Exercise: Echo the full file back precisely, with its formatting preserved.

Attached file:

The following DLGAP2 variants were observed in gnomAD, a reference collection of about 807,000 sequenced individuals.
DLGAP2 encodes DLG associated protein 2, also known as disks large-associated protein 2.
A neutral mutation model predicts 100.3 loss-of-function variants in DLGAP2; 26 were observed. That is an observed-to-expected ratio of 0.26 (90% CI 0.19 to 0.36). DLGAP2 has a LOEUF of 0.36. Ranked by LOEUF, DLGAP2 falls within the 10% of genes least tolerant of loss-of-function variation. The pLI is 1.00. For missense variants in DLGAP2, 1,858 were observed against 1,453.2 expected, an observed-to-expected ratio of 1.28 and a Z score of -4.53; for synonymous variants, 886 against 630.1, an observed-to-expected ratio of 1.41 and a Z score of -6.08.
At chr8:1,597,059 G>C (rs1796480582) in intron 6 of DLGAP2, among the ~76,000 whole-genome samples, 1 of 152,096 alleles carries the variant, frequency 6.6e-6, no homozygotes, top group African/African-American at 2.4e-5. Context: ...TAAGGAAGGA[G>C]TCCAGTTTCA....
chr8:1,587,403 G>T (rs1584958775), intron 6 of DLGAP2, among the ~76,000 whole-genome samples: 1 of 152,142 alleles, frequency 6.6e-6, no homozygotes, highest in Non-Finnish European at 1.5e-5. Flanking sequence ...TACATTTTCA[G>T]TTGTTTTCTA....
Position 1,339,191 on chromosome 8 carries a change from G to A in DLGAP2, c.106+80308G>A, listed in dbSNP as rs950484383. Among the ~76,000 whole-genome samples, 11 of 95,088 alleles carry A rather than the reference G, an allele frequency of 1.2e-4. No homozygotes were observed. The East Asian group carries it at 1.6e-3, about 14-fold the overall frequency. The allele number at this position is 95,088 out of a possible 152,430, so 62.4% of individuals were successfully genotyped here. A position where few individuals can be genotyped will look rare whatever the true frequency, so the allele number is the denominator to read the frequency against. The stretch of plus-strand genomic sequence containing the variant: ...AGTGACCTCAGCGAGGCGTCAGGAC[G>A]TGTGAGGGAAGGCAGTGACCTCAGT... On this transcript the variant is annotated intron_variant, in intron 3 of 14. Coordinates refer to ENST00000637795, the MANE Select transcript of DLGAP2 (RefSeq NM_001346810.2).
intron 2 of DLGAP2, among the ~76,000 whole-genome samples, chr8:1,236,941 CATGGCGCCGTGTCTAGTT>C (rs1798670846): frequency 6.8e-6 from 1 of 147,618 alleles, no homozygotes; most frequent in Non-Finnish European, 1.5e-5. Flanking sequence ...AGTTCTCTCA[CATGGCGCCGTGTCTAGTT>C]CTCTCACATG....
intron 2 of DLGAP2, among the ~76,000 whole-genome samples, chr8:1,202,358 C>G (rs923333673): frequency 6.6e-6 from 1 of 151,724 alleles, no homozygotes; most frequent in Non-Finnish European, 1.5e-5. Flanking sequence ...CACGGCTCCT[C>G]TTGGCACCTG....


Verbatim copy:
The following DLGAP2 variants were observed in gnomAD, a reference collection of about 807,000 sequenced individuals.
DLGAP2 encodes DLG associated protein 2, also known as disks large-associated protein 2.
A neutral mutation model predicts 100.3 loss-of-function variants in DLGAP2; 26 were observed. That is an observed-to-expected ratio of 0.26 (90% CI 0.19 to 0.36). DLGAP2 has a LOEUF of 0.36. Ranked by LOEUF, DLGAP2 falls within the 10% of genes least tolerant of loss-of-function variation. The pLI is 1.00. For missense variants in DLGAP2, 1,858 were observed against 1,453.2 expected, an observed-to-expected ratio of 1.28 and a Z score of -4.53; for synonymous variants, 886 against 630.1, an observed-to-expected ratio of 1.41 and a Z score of -6.08.
At chr8:1,597,059 G>C (rs1796480582) in intron 6 of DLGAP2, among the ~76,000 whole-genome samples, 1 of 152,096 alleles carries the variant, frequency 6.6e-6, no homozygotes, top group African/African-American at 2.4e-5. Context: ...TAAGGAAGGA[G>C]TCCAGTTTCA....
chr8:1,587,403 G>T (rs1584958775), intron 6 of DLGAP2, among the ~76,000 whole-genome samples: 1 of 152,142 alleles, frequency 6.6e-6, no homozygotes, highest in Non-Finnish European at 1.5e-5. Flanking sequence ...TACATTTTCA[G>T]TTGTTTTCTA....
Position 1,339,191 on chromosome 8 carries a change from G to A in DLGAP2, c.106+80308G>A, listed in dbSNP as rs950484383. Among the ~76,000 whole-genome samples, 11 of 95,088 alleles carry A rather than the reference G, an allele frequency of 1.2e-4. No homozygotes were observed. The East Asian group carries it at 1.6e-3, about 14-fold the overall frequency. The allele number at this position is 95,088 out of a possible 152,430, so 62.4% of individuals were successfully genotyped here. A position where few individuals can be genotyped will look rare whatever the true frequency, so the allele number is the denominator to read the frequency against. The stretch of plus-strand genomic sequence containing the variant: ...AGTGACCTCAGCGAGGCGTCAGGAC[G>A]TGTGAGGGAAGGCAGTGACCTCAGT... On this transcript the variant is annotated intron_variant, in intron 3 of 14. Coordinates refer to ENST00000637795, the MANE Select transcript of DLGAP2 (RefSeq NM_001346810.2).
intron 2 of DLGAP2, among the ~76,000 whole-genome samples, chr8:1,236,941 CATGGCGCCGTGTCTAGTT>C (rs1798670846): frequency 6.8e-6 from 1 of 147,618 alleles, no homozygotes; most frequent in Non-Finnish European, 1.5e-5. Flanking sequence ...AGTTCTCTCA[CATGGCGCCGTGTCTAGTT>C]CTCTCACATG....
intron 2 of DLGAP2, among the ~76,000 whole-genome samples, chr8:1,202,358 C>G (rs923333673): frequency 6.6e-6 from 1 of 151,724 alleles, no homozygotes; most frequent in Non-Finnish European, 1.5e-5. Flanking sequence ...CACGGCTCCT[C>G]TTGGCACCTG....